The advantages of the RFS are clear. Ten percent of our fuel supply is now derived from biofuels, and our foreign oil imports are at their lowest level in 20 years. At the same time, the price of gasoline at the pump has gone down by over a dollar, in part because most gasoline contains an ethanol blend, and ethanol sells for about $1.60 per gallon. The University of Missouri Extension Service calculates that Missouri’s corn production industry generates approximately $4.3 billion in economic output and sustains 65,960 jobs. Across the river, the collective renewable fuel sector in Illinois generates $17.5 billion of total economic output annually and supports 73,156 jobs, according to the economic research firm of John Dunham & Associates.

Critics of the RFS claim that renewable fuels are subsidized. That’s not true; there are no subsidies or tax breaks for ethanol. At the time the RFS was passed, there were concerns about whether the supply of corn would be adequate to support both food and fuel production. Those of us who authored the RFS believed that it would stimulate efficiencies in corn production that would more than meet the demand. That’s happened; American farmers are growing more corn than ever before on the same amount of acreage.

Critics also claim that the RFS is an intervention in the free market. Actually, it’s the path to a free market for automobile fuel. For 40 years, the price of oil has been controlled by a foreign cartel that does not hesitate to use its market power to crush competitors.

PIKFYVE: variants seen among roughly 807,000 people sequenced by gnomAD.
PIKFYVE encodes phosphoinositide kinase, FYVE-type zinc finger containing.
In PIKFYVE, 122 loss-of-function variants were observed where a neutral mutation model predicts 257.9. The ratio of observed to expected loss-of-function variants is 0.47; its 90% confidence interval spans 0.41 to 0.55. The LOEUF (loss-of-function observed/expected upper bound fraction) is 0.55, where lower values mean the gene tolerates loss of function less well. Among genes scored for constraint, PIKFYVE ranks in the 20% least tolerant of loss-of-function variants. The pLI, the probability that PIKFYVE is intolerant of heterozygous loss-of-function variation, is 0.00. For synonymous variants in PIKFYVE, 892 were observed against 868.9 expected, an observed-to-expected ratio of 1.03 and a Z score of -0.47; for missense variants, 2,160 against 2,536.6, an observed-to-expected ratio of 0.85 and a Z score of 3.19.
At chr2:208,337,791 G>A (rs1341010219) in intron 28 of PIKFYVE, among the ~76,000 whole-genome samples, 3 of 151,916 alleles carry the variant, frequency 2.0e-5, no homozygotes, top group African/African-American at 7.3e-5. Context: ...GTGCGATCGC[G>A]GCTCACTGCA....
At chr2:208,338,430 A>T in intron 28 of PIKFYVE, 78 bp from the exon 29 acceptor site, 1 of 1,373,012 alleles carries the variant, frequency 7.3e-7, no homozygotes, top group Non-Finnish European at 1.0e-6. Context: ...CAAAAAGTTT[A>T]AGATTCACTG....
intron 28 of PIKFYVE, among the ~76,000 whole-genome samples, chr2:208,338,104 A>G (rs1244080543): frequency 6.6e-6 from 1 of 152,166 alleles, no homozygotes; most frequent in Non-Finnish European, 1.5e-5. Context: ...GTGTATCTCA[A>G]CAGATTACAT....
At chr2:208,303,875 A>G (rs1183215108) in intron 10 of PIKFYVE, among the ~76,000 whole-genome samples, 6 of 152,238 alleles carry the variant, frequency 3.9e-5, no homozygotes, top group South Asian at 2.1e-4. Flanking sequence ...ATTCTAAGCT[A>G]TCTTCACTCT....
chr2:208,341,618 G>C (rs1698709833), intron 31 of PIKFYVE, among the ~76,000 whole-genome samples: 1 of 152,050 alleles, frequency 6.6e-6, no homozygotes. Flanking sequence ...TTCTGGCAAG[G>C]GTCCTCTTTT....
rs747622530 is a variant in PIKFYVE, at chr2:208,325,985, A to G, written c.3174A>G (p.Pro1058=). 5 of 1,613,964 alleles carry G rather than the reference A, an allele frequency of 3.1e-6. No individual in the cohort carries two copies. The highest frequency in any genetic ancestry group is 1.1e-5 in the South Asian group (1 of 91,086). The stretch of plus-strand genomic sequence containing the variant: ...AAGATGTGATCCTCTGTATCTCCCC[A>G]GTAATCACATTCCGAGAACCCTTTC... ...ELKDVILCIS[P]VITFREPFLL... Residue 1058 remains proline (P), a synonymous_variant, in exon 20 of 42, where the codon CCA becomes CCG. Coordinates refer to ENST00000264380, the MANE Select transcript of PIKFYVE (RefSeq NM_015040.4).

Unsurprisingly, OPEC has already made plans to crush the U.S. oil boom, and regularly strategizes to batter competitors and dominate market share. Last November, OPEC colluded to drop oil prices so that it could squeeze competitors with higher costs. Saudi Arabia was the main architect of this strategy, driving many U.S. fracking companies out of business and into bankruptcy.

It’s alarming when you realize just how much control foreign governments and OPEC oil barons have on our everyday lives and paychecks. But they can’t exercise that power over renewable fuels, because of the RFS. The fact that the largest ethanol plant in the world just opened its doors for business in Iowa — a plant that is powered by discarded corncobs, husks and stalks — is another reminder of what American-style innovation can accomplish if it is allowed to succeed.